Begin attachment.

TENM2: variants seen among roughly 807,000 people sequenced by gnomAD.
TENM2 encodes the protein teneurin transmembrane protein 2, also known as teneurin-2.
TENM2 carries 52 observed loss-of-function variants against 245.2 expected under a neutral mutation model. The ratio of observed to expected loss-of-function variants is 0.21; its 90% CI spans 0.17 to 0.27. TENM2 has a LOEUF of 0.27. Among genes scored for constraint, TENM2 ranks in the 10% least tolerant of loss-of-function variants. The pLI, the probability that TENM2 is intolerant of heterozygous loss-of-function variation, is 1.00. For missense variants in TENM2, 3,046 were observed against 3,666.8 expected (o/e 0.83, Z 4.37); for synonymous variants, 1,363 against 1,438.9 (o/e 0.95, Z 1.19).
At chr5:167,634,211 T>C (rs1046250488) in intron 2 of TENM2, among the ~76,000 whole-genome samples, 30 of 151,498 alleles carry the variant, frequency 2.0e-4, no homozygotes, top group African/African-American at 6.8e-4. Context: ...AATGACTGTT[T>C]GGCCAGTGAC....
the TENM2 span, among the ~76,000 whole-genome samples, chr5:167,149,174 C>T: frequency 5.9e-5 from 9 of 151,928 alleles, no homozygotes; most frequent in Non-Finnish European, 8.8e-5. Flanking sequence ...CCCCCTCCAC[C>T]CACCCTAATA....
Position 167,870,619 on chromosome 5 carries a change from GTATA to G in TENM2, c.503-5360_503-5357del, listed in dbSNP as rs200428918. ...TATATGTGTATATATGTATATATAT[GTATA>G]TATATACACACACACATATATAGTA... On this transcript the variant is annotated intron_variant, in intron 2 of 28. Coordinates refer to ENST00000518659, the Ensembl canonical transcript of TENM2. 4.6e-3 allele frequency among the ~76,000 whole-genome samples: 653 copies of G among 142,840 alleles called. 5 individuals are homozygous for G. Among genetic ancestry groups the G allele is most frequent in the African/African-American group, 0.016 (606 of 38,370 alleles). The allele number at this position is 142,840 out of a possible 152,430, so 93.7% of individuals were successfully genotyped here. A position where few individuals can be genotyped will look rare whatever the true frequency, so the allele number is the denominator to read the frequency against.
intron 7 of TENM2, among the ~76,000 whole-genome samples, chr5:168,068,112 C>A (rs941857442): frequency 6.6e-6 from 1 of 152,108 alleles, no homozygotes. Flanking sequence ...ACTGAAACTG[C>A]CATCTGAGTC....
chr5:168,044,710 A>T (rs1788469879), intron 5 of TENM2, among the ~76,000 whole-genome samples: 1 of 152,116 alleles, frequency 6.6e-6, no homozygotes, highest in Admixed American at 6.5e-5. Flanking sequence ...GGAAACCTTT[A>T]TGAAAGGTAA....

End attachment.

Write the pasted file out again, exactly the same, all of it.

TENM2: variants seen among roughly 807,000 people sequenced by gnomAD.
TENM2 encodes the protein teneurin transmembrane protein 2, also known as teneurin-2.
TENM2 carries 52 observed loss-of-function variants against 245.2 expected under a neutral mutation model. The ratio of observed to expected loss-of-function variants is 0.21; its 90% CI spans 0.17 to 0.27. TENM2 has a LOEUF of 0.27. Among genes scored for constraint, TENM2 ranks in the 10% least tolerant of loss-of-function variants. The pLI, the probability that TENM2 is intolerant of heterozygous loss-of-function variation, is 1.00. For missense variants in TENM2, 3,046 were observed against 3,666.8 expected (o/e 0.83, Z 4.37); for synonymous variants, 1,363 against 1,438.9 (o/e 0.95, Z 1.19).
At chr5:167,634,211 T>C (rs1046250488) in intron 2 of TENM2, among the ~76,000 whole-genome samples, 30 of 151,498 alleles carry the variant, frequency 2.0e-4, no homozygotes, top group African/African-American at 6.8e-4. Context: ...AATGACTGTT[T>C]GGCCAGTGAC....
the TENM2 span, among the ~76,000 whole-genome samples, chr5:167,149,174 C>T: frequency 5.9e-5 from 9 of 151,928 alleles, no homozygotes; most frequent in Non-Finnish European, 8.8e-5. Flanking sequence ...CCCCCTCCAC[C>T]CACCCTAATA....
Position 167,870,619 on chromosome 5 carries a change from GTATA to G in TENM2, c.503-5360_503-5357del, listed in dbSNP as rs200428918. ...TATATGTGTATATATGTATATATAT[GTATA>G]TATATACACACACACATATATAGTA... On this transcript the variant is annotated intron_variant, in intron 2 of 28. Coordinates refer to ENST00000518659, the Ensembl canonical transcript of TENM2. 4.6e-3 allele frequency among the ~76,000 whole-genome samples: 653 copies of G among 142,840 alleles called. 5 individuals are homozygous for G. Among genetic ancestry groups the G allele is most frequent in the African/African-American group, 0.016 (606 of 38,370 alleles). The allele number at this position is 142,840 out of a possible 152,430, so 93.7% of individuals were successfully genotyped here. A position where few individuals can be genotyped will look rare whatever the true frequency, so the allele number is the denominator to read the frequency against.
intron 7 of TENM2, among the ~76,000 whole-genome samples, chr5:168,068,112 C>A (rs941857442): frequency 6.6e-6 from 1 of 152,108 alleles, no homozygotes. Flanking sequence ...ACTGAAACTG[C>A]CATCTGAGTC....
chr5:168,044,710 A>T (rs1788469879), intron 5 of TENM2, among the ~76,000 whole-genome samples: 1 of 152,116 alleles, frequency 6.6e-6, no homozygotes, highest in Admixed American at 6.5e-5. Flanking sequence ...GGAAACCTTT[A>T]TGAAAGGTAA....